A British Columbia school district has quietly changed the rules for those wishing to attend their public board meetings in person and will now require people to submit photo ID and other personally identifiable information.
The move comes after weeks of delegations by parents concerned with the Chilliwack School District (SD33) for allegedly making sexually explicit material available for children.
As reported by Fraser Valley Today on Wednesday, the school district confirmed that anyone wishing to attend a meeting in person will have to submit a valid photo ID, a phone number and fill out a form.
SD33 Superintendent Rohan Arul-pragasam claimed that the requirement aligns with school board policies on publicly recorded meetings.
“There shall be no recording of tablet screens or digital resources used at the Board of Education table, excluding public presentation materials,” cited Policy 170 states.
“While it is the Board’s intent to live stream and make available recorded Regular Public Board meeting proceedings, the Board, at its discretion, may discontinue the recording of a meeting at any time at the discretion of the Board Chair, if recording is creating any impediment to conducting the meeting in an efficient or orderly fashion.”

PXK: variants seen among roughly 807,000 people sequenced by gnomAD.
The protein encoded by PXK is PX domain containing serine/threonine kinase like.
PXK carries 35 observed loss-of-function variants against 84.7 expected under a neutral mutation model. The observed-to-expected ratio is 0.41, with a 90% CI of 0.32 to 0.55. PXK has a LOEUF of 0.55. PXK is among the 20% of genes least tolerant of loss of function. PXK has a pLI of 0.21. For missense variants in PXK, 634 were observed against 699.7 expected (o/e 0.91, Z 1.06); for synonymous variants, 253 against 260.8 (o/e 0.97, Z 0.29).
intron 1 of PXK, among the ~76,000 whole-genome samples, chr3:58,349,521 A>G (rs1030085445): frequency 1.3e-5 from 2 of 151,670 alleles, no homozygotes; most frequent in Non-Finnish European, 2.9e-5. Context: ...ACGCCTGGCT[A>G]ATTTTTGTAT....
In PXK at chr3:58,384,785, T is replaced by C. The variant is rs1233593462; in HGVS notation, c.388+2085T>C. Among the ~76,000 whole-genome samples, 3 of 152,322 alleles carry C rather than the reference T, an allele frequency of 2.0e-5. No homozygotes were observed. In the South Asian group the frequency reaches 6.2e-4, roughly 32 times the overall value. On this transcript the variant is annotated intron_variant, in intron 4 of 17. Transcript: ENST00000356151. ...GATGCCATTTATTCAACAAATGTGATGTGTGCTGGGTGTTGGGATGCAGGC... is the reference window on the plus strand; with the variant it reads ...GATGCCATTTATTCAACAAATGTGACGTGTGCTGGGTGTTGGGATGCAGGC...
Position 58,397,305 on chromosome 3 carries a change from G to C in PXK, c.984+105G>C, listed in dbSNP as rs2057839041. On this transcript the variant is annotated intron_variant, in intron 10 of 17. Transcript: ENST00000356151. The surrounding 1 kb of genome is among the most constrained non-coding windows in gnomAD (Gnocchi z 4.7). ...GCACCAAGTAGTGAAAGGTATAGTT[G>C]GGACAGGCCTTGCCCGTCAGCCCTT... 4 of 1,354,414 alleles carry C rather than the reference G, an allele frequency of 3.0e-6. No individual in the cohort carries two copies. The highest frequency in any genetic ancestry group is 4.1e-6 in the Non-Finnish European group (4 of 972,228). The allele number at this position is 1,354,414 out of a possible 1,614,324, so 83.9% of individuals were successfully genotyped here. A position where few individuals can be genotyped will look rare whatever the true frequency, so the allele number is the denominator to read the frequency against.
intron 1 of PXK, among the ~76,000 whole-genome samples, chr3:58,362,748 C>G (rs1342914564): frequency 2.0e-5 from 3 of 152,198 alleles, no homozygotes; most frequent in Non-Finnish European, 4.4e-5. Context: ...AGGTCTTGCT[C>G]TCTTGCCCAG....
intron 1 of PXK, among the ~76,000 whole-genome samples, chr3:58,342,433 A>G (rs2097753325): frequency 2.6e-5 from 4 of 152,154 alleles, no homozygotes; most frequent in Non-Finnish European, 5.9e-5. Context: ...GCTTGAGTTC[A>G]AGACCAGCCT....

At the same time, Chilliwack City Council, Cultus Lake Park Board and the Fraser Valley Regional District don’t have any such requirements for anyone attending a board meeting in person.
This comes after several heated meetings at the board in which parents and other community members attended to raise concerns about allegedly sexually-explicit materials made available to students at schools in the district.
Former board trustee Dr. Darrell Furgason claimed that the school had broken the law by allowing such materials and was shut down by board chair Willow Reichelt, claiming that such allegations were defamatory.
“What legal grounds does SD33 stand on in regards to books with explicit sexual material?” asked Furgason.
“I’ve turned off your mic, just so you know. Have a seat Dr. Ferguson,” Reichelt eventually interjected.
A recent RCMP investigation prompted by a complaint from a parent about books that allegedly contained child pornography led to the police declaring that the material did not break the law.